This week, in our Journey readings, we find ourselves in what many would consider a rather tedious or arduous (or if really honest we might even say – boring) section of scripture. Here, in the latter portion of Exodus, God is laying out to Moses the laws for his covenant people and detailed instructions regarding their religious practices, regulations, and even detail regarding the tabernacle and its furnishings. Not exactly the stuff of a block-buster summer movie. I have been finding my own mind wandering a bit, and struggling to find the application for my own life. So, this morning I found myself praying a little prayer something like… “God, this is your word and I believe you can speak to me through this part of scripture as well. So, speak Lord, I am listening.”
Well, sure enough I did sense God speaking to me through a rather unusual, or maybe obscure text (haven’t ever really heard sermon on this one, but here it is… “Make linen undergarments as a covering for the body, reaching from the waist to the thigh. Aaron and his sons must wear them whenever they enter the Tent of Meeting or approach the altar to Minister in the Holy Place, so that they will not incur guilt and die. This is to be a lasting ordinance for Aaron and his descendants” (Ex. 28:42-43)
Just being honest about this text, but my first reaction when I read this was, “Really? Does there need to be instructions about the undergarments of Aaron and his sons? And don’t the consequences of not wearing them seem a little extreme? And why a lasting ordinance about undergarments?” However, as with any text of scripture, when you dig a little deeper into the context things begin to make a little more sense. God instituted this lasting ordinance to counteract pagan religions of that time, which involved certain rituals of nakedness. To separate from such practices and encourage holiness in their worship, God instructed the priests to cover their nakedness. Besides ensuring literal modesty, the linen underwear also symbolized a spiritual covering for our earthly nature.
What can we learn from all these details?
When reading some of the more tedious details of the temple worship, practices, and furnishings etc. it is good to remember that there are generally 3 layers of meaning:
1) There is a Practical element. These served as blueprints for the people of the tabernacle was to be made and function. The people of God really didn’t have detailed instructions before this time.
2) There was a Holiness element. These religious instructions revealed more than how it was to be made, but why it was made: to bring glory to God. From the tabernacle we learn about God’s glory – something far beyond blueprints. What for many of us might seem like tedious details probably inspired awe in them. In a very real way these things brought heaven to earth (as these symbols were a kind of archetype of heaven), and these symbols and practices lifted the people heavenward.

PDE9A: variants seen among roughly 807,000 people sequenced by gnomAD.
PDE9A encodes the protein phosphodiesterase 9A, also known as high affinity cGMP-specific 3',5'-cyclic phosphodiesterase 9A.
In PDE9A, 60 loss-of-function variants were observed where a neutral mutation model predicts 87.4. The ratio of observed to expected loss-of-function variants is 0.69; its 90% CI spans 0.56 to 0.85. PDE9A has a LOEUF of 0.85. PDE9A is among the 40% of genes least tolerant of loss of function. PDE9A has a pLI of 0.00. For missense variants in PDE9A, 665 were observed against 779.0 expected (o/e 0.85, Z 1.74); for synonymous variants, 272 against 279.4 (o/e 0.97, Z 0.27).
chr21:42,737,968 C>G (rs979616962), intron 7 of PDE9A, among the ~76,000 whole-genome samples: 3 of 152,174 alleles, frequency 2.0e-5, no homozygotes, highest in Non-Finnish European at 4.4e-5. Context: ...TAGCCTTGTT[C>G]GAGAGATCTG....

3) There was a Spiritual Parallel. None of these symbols or practices were meant to be simply religious rituals. They were meant to bring strong spiritual significance and impact to the people’s lives then and today. That is what Jason’s bookand the Renewal Weekend that we are preparing for is all about.
The Lost Virtue of Holiness
Let me share how this rather obscure ordinance regarding underwear impacted me personally. Approaching a Holy God requires personal holiness. We don’t hear much about holiness today in the church. It is not nearly as popular as things like “spirituality” or “prosperity” today. But the scriptures remind us to “consecrate yourselves and be holy, because I am holy (Leviticus 11:44). Today, because of what Christ has done for us on the cross, we don’t have to make endless sacrifices for our sin, but it doesn’t erase the need for us to examine ourselves, repent, and put into place the kinds of spiritual practices (e.g. prayer, scripture reading, silence, repentance) that will help us to lead a holy life and become more like Jesus. I recognized in myself the need to not just gloss over my sin, but to truly seek to be Holy even as God is holy.
Listen to this quote by Richard Foster, “Everyone thinks of changing the world, but where, oh where, are those who think of changing themselves? People may genuinely want to be good, but seldom are they prepared to do what it takes to produce the inward life of goodness that can form the soul. Personal formation into the likeness of Christ is arduous and lifelong.” Just as the sometimes arduous attention in all the religious practices of Israel were meant to transform the people to become more like God, it takes intentional practice and attention to our lives to allow Christ to transform us.
Words of Encouragement
So here are some words of encouragement as we wade through some of the more arduous portions of scripture:
1) Look for those 3 layers of meaning in each of the symbols, practices and furnishings described in this portion of scripture. Particularly look for the spiritual parallels and significance for your life today.
2) Listen for the voice of the Lord and how he might speak to you, particularly in regard to your own holiness. Ask God to speak to you – yep, even in this section!
3) Respond in repentance, thanksgiving and love for Jesus even as leads you. Dig in and let this portion of scripture nourish and enrich your soul.